2. Can you discuss the new tier?
We’ve added a new tier to our program, Elite and enhanced the benefits in our Premier tier. Partners qualify for those levels based on several factors including the amount of Opengear solutions that they’ve sold in the previous year as well as our access to their sellers. Revenue and access dictate which tier they fall into. The overall relationship is ultimately the deciding factor into where they are placed in our program.
3. What are some of the new benefits of the Partner Program?
To decide on these new benefits, we took a look at what would really reward our partners and how we can better assist them. There’s a wide range of benefits and tier level dictates which are available to each partner.
Premier Partners receive:
Elite Partners receive all the benefits that Premier Partners do along with:
Again, these are just a few of the benefits our partners will have access to with our new program.
4. What are some differentiators between Opengear’s Partner Program and others?
Our new program is unique in that both our partners and Opengear have more skin in the game. This will strengthen our relationships and also allow us to hold each other accountable for success together. Some of our main differentiators are:
5. Looking to the future, what are your ambitions for Opengear’s Partner Program?
Opengear is continually growing, just look at our recent acquisition by Digi, and our channel is a major factor in that growth. For the future, I’d like to continue to add activities and enhance our offerings to help better position our channel partners with the customers to win the business. We’ll realize the greatest success through continual communication and support.
To get all the details on our 2020 Value-Added Reseller Program for the Americas, take a look at our Partner Page!
In healthcare, patient needs are constantly evolving. To meet these demands, these institutions are taking advantage of emerging technology which has essentially changed the landscape of the industry.
From IoT devices to Electronic Medical Records to Picture Archiving Systems, bandwidth intensive applications are digitally tying together healthcare systems. The constant addition of new applications can improve greatly improve patient care and also create challenges with the network. Some of the top network challenges are:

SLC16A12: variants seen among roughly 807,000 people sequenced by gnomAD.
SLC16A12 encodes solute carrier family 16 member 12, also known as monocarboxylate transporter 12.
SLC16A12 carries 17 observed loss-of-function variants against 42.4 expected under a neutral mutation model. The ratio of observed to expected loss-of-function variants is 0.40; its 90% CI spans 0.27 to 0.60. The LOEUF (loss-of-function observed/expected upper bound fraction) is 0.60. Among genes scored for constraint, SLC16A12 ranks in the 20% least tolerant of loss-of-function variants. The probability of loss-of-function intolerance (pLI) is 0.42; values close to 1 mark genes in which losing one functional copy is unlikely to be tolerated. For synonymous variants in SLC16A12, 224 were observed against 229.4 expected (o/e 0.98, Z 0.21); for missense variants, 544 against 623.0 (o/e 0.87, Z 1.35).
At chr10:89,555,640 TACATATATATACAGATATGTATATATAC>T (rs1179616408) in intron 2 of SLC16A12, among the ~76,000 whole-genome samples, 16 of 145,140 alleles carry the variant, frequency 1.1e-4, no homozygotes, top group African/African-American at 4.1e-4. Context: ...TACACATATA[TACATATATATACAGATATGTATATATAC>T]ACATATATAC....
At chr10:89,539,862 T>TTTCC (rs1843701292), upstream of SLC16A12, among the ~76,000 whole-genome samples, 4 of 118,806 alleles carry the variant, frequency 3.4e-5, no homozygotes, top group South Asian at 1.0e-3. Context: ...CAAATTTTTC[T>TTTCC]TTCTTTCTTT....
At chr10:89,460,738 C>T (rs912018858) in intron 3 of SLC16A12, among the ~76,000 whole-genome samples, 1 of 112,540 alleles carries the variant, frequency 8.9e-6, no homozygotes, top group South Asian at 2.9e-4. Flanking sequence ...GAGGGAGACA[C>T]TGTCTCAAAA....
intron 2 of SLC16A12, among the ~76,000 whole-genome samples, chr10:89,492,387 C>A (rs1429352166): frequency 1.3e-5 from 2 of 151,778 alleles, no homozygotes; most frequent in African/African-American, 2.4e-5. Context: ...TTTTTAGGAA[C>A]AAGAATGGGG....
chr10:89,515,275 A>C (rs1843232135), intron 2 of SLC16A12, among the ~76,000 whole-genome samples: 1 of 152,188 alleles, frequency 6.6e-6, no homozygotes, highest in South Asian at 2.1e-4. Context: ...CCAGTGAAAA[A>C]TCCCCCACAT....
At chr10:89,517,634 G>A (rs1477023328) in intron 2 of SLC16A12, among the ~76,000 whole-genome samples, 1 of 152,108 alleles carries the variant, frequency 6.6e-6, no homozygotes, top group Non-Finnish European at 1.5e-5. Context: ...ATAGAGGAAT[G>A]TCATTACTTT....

In healthcare deployments there are on average more than 20 different operating systems. It’s predicated that by 2025, IoT in the healthcare sector will reach $534 billion.1 As these devices continue to get added to these networks, the ability to exchange and interpret data acquired from each application becomes more challenging. In order to ensure the efficient transmittal of real time data collected, these devices must be able to speak the same language.
Healthcare is one of the top two industries affected by cyberattacks, with more than 190 million patient records stolen since 2009.2 Due to the large amount of patient data being constantly collected, healthcare has become a target for hackers. Not only do applications such as EHRs contain sensitive patient records, they also have valuable financial information. Due to this, the industry has unique compliance and security challenges. Any type of security breach could leave facilities that are not compliant with Health Insurance Portability and Accountability Act (HIPPA) standards could result with up to $1.5 million in fines.3 Governing health related transactions and procedures, healthcare facilities must adhere to these requirements to ensure that patient records are protected. The HIPPA security rule require that each healthcare organization creates a contingency plan to ensure that if a disruption does occur business processes remain uninterrupted.
Connecting devices to the internet and ensuring that they are receiving the strongest signals possible is a constant challenge in healthcare. It’s important to understand that not all mobile and connected devices can be treated the same way. The only way for these devices to function properly is to have constant and dynamic network connectivity.
Opengear solutions are the foundation of a contingency plan. Lighthouse Enterprise provides full visibility of an entire healthcare network while Smart Out-of-Band enables engineers to remotely monitor and manage any IT issues that may occur. Paired with Failover to Cellular™ which provides always-on availability with 4G LTE, healthcare organizations are able to continue business operations while the issues are remediated.